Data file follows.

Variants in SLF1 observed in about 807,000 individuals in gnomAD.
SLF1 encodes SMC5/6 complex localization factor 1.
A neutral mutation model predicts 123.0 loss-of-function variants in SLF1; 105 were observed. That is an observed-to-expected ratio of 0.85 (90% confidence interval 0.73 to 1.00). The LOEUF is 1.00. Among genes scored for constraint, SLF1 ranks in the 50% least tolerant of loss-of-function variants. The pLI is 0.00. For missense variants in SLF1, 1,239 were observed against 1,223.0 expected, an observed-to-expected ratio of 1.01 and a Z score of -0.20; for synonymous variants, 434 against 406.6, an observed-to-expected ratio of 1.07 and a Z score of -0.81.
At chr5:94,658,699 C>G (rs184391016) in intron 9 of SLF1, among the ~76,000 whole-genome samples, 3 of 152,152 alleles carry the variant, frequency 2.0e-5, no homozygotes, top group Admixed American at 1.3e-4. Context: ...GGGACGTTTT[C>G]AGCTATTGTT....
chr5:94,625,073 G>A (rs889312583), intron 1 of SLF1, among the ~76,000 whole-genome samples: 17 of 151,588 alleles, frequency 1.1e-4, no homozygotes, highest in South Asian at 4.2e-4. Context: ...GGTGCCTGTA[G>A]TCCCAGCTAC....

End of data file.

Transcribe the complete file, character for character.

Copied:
Variants in SLF1 observed in about 807,000 individuals in gnomAD.
SLF1 encodes SMC5/6 complex localization factor 1.
A neutral mutation model predicts 123.0 loss-of-function variants in SLF1; 105 were observed. That is an observed-to-expected ratio of 0.85 (90% confidence interval 0.73 to 1.00). The LOEUF is 1.00. Among genes scored for constraint, SLF1 ranks in the 50% least tolerant of loss-of-function variants. The pLI is 0.00. For missense variants in SLF1, 1,239 were observed against 1,223.0 expected, an observed-to-expected ratio of 1.01 and a Z score of -0.20; for synonymous variants, 434 against 406.6, an observed-to-expected ratio of 1.07 and a Z score of -0.81.
At chr5:94,658,699 C>G (rs184391016) in intron 9 of SLF1, among the ~76,000 whole-genome samples, 3 of 152,152 alleles carry the variant, frequency 2.0e-5, no homozygotes, top group Admixed American at 1.3e-4. Context: ...GGGACGTTTT[C>G]AGCTATTGTT....
chr5:94,625,073 G>A (rs889312583), intron 1 of SLF1, among the ~76,000 whole-genome samples: 17 of 151,588 alleles, frequency 1.1e-4, no homozygotes, highest in South Asian at 4.2e-4. Context: ...GGTGCCTGTA[G>A]TCCCAGCTAC....